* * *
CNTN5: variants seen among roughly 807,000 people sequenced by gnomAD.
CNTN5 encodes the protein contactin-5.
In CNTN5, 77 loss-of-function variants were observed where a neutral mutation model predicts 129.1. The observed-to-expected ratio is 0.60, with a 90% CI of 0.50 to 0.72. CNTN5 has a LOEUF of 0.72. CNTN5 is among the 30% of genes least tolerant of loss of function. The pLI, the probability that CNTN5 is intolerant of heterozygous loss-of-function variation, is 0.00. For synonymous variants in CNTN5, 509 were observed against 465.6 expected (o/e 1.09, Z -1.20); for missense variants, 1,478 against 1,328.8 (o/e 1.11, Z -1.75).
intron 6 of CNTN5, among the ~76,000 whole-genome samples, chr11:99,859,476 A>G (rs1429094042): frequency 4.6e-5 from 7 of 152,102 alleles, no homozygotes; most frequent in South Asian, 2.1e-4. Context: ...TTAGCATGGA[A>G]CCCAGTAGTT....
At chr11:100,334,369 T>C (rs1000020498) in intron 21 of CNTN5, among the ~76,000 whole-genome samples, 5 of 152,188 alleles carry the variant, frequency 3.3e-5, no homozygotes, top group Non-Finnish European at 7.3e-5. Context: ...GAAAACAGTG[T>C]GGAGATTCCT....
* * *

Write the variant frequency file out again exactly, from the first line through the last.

CNTN5: variants seen among roughly 807,000 people sequenced by gnomAD.
CNTN5 encodes the protein contactin-5.
In CNTN5, 77 loss-of-function variants were observed where a neutral mutation model predicts 129.1. The observed-to-expected ratio is 0.60, with a 90% CI of 0.50 to 0.72. CNTN5 has a LOEUF of 0.72. CNTN5 is among the 30% of genes least tolerant of loss of function. The pLI, the probability that CNTN5 is intolerant of heterozygous loss-of-function variation, is 0.00. For synonymous variants in CNTN5, 509 were observed against 465.6 expected (o/e 1.09, Z -1.20); for missense variants, 1,478 against 1,328.8 (o/e 1.11, Z -1.75).
intron 6 of CNTN5, among the ~76,000 whole-genome samples, chr11:99,859,476 A>G (rs1429094042): frequency 4.6e-5 from 7 of 152,102 alleles, no homozygotes; most frequent in South Asian, 2.1e-4. Context: ...TTAGCATGGA[A>G]CCCAGTAGTT....
At chr11:100,334,369 T>C (rs1000020498) in intron 21 of CNTN5, among the ~76,000 whole-genome samples, 5 of 152,188 alleles carry the variant, frequency 3.3e-5, no homozygotes, top group Non-Finnish European at 7.3e-5. Context: ...GAAAACAGTG[T>C]GGAGATTCCT....